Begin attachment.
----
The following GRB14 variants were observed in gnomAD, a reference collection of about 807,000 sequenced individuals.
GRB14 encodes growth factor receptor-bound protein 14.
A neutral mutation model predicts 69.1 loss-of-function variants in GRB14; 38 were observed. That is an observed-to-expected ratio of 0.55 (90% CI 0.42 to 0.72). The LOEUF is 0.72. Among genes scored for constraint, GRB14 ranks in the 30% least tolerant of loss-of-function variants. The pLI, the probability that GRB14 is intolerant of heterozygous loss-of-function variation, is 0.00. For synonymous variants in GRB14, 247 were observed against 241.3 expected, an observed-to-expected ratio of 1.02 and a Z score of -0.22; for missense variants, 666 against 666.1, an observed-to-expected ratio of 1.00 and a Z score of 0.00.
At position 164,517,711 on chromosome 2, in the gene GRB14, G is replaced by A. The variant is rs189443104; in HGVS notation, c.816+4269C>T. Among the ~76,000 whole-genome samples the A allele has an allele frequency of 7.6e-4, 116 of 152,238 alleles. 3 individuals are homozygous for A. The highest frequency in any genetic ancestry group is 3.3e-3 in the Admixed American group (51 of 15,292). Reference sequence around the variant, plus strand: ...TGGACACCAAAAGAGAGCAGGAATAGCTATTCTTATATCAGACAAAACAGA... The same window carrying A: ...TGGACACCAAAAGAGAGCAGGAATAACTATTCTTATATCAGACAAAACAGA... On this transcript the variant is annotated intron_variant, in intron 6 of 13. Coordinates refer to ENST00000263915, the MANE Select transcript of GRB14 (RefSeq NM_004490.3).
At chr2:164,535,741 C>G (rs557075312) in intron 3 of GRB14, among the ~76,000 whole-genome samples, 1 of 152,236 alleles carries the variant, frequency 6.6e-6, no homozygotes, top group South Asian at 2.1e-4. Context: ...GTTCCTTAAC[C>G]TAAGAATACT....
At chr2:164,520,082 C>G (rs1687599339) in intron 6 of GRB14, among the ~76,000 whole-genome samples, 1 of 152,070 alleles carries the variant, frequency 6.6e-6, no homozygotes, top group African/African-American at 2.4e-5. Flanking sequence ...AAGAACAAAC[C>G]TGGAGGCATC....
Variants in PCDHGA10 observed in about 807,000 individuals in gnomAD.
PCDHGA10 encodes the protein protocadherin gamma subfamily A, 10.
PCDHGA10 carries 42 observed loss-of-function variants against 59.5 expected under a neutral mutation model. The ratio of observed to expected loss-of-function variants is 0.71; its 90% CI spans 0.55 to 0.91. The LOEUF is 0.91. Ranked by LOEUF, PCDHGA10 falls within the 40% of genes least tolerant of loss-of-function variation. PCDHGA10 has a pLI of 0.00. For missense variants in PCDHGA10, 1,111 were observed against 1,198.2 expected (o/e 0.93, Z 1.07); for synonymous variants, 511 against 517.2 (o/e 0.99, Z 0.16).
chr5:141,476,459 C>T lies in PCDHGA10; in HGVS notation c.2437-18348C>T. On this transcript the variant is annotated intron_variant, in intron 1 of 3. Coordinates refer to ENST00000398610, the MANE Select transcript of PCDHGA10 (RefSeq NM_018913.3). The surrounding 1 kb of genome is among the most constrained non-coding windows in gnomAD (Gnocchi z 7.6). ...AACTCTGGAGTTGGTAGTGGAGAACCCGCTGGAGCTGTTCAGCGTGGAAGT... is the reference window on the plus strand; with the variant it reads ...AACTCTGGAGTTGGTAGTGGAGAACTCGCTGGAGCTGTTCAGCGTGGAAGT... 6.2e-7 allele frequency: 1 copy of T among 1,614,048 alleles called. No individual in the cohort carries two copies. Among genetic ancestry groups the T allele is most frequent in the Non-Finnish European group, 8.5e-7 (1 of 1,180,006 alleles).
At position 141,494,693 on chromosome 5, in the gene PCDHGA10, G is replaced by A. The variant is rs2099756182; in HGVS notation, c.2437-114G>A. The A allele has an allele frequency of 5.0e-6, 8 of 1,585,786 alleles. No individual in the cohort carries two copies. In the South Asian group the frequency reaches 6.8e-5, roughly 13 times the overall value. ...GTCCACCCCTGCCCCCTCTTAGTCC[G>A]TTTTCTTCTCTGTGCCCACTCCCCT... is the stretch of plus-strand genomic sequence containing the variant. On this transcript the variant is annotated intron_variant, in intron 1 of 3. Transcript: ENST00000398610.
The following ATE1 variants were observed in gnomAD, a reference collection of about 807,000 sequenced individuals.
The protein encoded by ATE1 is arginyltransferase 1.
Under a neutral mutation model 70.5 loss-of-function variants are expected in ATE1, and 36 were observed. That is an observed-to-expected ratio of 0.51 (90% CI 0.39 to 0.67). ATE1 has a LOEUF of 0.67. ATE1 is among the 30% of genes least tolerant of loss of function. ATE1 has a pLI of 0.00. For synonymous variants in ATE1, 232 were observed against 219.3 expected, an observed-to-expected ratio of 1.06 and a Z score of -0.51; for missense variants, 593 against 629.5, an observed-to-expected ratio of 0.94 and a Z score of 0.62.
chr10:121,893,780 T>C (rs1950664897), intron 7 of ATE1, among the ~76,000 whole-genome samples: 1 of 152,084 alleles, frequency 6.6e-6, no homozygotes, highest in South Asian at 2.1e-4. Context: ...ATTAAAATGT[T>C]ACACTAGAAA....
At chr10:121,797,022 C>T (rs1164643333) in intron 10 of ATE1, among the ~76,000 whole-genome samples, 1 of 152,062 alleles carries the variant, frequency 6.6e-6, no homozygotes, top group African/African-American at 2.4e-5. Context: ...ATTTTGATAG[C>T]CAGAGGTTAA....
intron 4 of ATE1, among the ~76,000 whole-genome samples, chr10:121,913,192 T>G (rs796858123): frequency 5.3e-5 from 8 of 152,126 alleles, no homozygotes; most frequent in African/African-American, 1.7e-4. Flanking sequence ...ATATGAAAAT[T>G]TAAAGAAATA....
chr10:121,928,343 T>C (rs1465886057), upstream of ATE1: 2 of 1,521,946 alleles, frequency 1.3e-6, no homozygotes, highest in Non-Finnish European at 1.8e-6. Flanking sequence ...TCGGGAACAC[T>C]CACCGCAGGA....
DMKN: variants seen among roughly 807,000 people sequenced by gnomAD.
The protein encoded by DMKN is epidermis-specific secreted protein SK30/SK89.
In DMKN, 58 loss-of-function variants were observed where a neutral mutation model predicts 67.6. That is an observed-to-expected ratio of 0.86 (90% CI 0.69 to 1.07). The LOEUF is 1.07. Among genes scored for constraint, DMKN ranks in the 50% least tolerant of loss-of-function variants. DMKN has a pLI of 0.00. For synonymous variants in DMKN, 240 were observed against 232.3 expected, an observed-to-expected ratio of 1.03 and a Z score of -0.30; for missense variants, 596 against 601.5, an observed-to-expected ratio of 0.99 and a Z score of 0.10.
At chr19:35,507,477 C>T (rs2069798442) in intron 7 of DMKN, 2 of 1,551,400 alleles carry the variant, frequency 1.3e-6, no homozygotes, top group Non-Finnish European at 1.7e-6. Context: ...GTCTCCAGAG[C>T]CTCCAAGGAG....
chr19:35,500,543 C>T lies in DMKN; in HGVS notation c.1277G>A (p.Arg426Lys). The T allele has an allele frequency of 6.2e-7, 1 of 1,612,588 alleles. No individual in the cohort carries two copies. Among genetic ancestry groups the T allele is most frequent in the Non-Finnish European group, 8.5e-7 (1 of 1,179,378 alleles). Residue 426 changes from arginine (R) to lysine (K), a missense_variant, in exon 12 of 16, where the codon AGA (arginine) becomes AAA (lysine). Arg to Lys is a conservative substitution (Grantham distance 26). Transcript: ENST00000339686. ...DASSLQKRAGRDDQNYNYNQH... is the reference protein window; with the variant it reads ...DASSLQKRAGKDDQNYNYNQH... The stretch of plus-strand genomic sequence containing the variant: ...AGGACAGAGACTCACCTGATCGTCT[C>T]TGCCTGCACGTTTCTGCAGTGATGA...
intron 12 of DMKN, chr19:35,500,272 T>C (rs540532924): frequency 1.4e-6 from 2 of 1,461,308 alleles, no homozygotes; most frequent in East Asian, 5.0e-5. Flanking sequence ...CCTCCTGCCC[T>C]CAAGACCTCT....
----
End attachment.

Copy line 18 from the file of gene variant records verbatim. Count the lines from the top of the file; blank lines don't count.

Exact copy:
chr10:121,928,343 T>C (rs1465886057), upstream of ATE1: 2 of 1,521,946 alleles, frequency 1.3e-6, no homozygotes, highest in Non-Finnish European at 1.8e-6. Flanking sequence ...TCGGGAACAC[T>C]CACCGCAGGA....